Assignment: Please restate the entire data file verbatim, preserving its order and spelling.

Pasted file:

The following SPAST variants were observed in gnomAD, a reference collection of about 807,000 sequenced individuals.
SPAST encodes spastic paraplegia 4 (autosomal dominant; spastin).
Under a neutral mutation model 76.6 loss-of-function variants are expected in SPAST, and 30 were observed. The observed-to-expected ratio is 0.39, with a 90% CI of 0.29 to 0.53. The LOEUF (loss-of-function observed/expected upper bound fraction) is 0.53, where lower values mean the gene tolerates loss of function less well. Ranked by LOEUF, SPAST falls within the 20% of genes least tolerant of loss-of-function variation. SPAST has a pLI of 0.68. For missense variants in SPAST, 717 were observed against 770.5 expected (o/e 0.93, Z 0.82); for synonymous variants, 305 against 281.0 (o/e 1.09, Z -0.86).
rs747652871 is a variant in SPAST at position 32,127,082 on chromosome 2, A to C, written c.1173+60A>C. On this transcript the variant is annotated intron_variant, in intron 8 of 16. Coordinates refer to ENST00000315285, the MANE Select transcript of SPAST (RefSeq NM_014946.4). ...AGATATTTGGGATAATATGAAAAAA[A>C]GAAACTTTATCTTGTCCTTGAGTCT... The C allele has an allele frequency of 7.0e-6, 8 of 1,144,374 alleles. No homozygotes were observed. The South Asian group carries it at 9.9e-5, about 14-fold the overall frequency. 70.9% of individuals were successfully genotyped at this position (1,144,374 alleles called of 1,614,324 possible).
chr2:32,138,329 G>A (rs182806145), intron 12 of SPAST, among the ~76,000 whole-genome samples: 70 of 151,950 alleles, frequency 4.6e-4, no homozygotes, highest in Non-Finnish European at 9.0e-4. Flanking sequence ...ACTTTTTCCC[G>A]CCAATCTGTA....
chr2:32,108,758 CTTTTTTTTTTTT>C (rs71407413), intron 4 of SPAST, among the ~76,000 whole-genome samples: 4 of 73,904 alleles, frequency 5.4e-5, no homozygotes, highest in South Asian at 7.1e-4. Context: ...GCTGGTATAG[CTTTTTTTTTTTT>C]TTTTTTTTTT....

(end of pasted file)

The following SPAST variants were observed in gnomAD, a reference collection of about 807,000 sequenced individuals.
SPAST encodes spastic paraplegia 4 (autosomal dominant; spastin).
Under a neutral mutation model 76.6 loss-of-function variants are expected in SPAST, and 30 were observed. The observed-to-expected ratio is 0.39, with a 90% CI of 0.29 to 0.53. The LOEUF (loss-of-function observed/expected upper bound fraction) is 0.53, where lower values mean the gene tolerates loss of function less well. Ranked by LOEUF, SPAST falls within the 20% of genes least tolerant of loss-of-function variation. SPAST has a pLI of 0.68. For missense variants in SPAST, 717 were observed against 770.5 expected (o/e 0.93, Z 0.82); for synonymous variants, 305 against 281.0 (o/e 1.09, Z -0.86).
rs747652871 is a variant in SPAST at position 32,127,082 on chromosome 2, A to C, written c.1173+60A>C. On this transcript the variant is annotated intron_variant, in intron 8 of 16. Coordinates refer to ENST00000315285, the MANE Select transcript of SPAST (RefSeq NM_014946.4). ...AGATATTTGGGATAATATGAAAAAA[A>C]GAAACTTTATCTTGTCCTTGAGTCT... The C allele has an allele frequency of 7.0e-6, 8 of 1,144,374 alleles. No homozygotes were observed. The South Asian group carries it at 9.9e-5, about 14-fold the overall frequency. 70.9% of individuals were successfully genotyped at this position (1,144,374 alleles called of 1,614,324 possible).
chr2:32,138,329 G>A (rs182806145), intron 12 of SPAST, among the ~76,000 whole-genome samples: 70 of 151,950 alleles, frequency 4.6e-4, no homozygotes, highest in Non-Finnish European at 9.0e-4. Flanking sequence ...ACTTTTTCCC[G>A]CCAATCTGTA....
chr2:32,108,758 CTTTTTTTTTTTT>C (rs71407413), intron 4 of SPAST, among the ~76,000 whole-genome samples: 4 of 73,904 alleles, frequency 5.4e-5, no homozygotes, highest in South Asian at 7.1e-4. Context: ...GCTGGTATAG[CTTTTTTTTTTTT>C]TTTTTTTTTT....